This article are provided for information purposes only, and are not intended as legal advice.


Should you incorporate your business?

May 29th, 2009

If you are just starting your new business, do you incorporate or do you operate as a sole proprietor?  First and foremost will you liable for your actions or anything that you sell?  If you are potentially liable for your services or the products which you sell, you should incorporate in order to preserve personal assets.  It does not matter if you have a little or a lot of revenue, you will want to limit your personal liability by incorporating.   You may want to talk to you accountant and lawyer to determine if this pertains to your situation.

If there is no likelihood of a lawsuit, then how much money will you earn and how much will you keep in your company?  If you make a dollar and then you remove the dollar for you to spend, then what is the purpose of the business if it is just a conduit for paying you a salary.  If you keep money in the company then you can look at the tax implications and benefits of a small business which is incorporated.  Personally, I recommend that if there are no liability issues, you need approximately $100,000 of revenue per annum in order to substantiate the costs and benefits of an incorporated company.   If there are no potential legal liabilities, why incorporate if you put money into the bank and take it out of the bank immediately.

There can be many benefits of being incorporated:

  • limited liability however business owners may have to provide a personal guarantee for bank loans
  • succession, after the owner passes away, the business may be able to continue easier than if owned personally
  • tax rates for corporations may be less than personal tax rates
  • ability for income splitting
  • ability to defer tax by picking a year end which does not co-incide with December 31.  For example, if you have most of your profits in the fall, if you picked a July year end, you would be able to defer the profits earned in the fall for another 12 to 15 months.

The tax rate of the company can be lower than receiving the income personally therefore it is cheaper to purchase assets in a company vs through a sole proprietor.  If your personal tax rate is 50% that means that you have $50 to invest for every $100 you earn.  If you have a company and the tax rate is 20%, you have $80 to invest for every $100 of profits.  That means it will take you less time to pay off the debt or purchase the asset if you are incorporated.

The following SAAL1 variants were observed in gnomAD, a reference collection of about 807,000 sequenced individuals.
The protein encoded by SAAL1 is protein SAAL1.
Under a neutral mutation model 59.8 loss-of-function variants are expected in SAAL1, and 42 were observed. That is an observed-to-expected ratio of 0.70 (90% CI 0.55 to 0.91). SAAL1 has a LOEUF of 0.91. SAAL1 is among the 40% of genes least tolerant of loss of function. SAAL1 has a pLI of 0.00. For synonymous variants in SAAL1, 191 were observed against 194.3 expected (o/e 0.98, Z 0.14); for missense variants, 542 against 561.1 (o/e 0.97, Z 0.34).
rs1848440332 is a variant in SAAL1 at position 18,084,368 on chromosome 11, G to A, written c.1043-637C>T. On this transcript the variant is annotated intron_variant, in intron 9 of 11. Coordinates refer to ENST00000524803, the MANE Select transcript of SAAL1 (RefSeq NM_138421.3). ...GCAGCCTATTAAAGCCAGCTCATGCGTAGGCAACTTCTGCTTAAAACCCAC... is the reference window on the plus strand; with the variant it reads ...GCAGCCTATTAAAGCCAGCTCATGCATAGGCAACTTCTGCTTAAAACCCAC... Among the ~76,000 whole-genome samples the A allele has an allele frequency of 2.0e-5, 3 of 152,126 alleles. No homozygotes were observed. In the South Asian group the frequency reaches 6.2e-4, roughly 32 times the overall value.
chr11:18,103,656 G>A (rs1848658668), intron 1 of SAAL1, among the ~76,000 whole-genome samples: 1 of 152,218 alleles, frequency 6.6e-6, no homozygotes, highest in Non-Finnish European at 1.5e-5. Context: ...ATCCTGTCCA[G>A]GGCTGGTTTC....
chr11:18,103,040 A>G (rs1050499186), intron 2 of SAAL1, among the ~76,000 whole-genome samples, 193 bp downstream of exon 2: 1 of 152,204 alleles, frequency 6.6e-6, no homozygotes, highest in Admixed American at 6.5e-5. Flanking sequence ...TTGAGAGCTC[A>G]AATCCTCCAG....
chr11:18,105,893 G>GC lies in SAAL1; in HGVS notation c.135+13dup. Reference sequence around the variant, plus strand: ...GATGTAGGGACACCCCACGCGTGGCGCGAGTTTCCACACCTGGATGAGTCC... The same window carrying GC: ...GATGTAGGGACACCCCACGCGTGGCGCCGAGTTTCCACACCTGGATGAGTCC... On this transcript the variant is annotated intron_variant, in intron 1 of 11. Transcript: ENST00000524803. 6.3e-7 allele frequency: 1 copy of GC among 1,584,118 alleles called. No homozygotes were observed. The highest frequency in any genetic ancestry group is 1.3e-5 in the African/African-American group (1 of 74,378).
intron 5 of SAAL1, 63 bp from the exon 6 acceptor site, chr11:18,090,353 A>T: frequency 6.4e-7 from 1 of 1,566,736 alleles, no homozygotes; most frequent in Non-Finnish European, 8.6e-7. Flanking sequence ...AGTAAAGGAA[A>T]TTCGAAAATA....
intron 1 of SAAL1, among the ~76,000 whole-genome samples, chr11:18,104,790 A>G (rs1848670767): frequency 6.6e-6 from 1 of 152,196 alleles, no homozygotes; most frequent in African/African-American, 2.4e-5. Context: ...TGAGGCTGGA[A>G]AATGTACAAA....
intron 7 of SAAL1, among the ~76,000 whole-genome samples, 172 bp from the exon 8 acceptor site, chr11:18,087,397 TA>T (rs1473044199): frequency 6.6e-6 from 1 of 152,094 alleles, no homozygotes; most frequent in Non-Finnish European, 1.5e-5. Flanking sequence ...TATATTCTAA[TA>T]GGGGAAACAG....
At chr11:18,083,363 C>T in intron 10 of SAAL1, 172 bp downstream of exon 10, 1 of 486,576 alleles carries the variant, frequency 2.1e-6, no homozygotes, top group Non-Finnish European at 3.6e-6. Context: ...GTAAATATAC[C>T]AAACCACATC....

I have found from personal experience that when revenue hits $100,000 within the first or second year,  the benefits of incorporating are greater than the costs of operating the business.

When you are unincorporated, you can keep your revenue and expenses on excel spreadsheets but when you have a company, you are required to keep proper accounting records.  the costs to operate a business including the incorporation costs, the annual tax returns, keeping minutes of the company etc are costly therefore you should only incorporate there are potential legal issues or there are advantages which have been discussed above.  It is impossible to make a blanket statement to incorporate  a business or not.  You have to look at each case and make that assessment based on your particular situation.  If you do not believe that you are qualified to answer all these questions, you should contact your lawyer and/or accountant to discuss your situation with them before you create your new business.  It is easier to be proactive and plan then trying to undue legal documents which may not be possible after you have created a monster.


Filed under: Business strategies — Gary Landa @ 10:48 am


1 Comment »


  1. Business incorporating may seem like a good thing when it comes to running your business, but do you know what type of corporation you want? There are several types of corporations, and you should know what type of corporation you want for your business before you start the process of business incorporation.

    Comment by Barkri — June 3, 2009 @ 1:57 am


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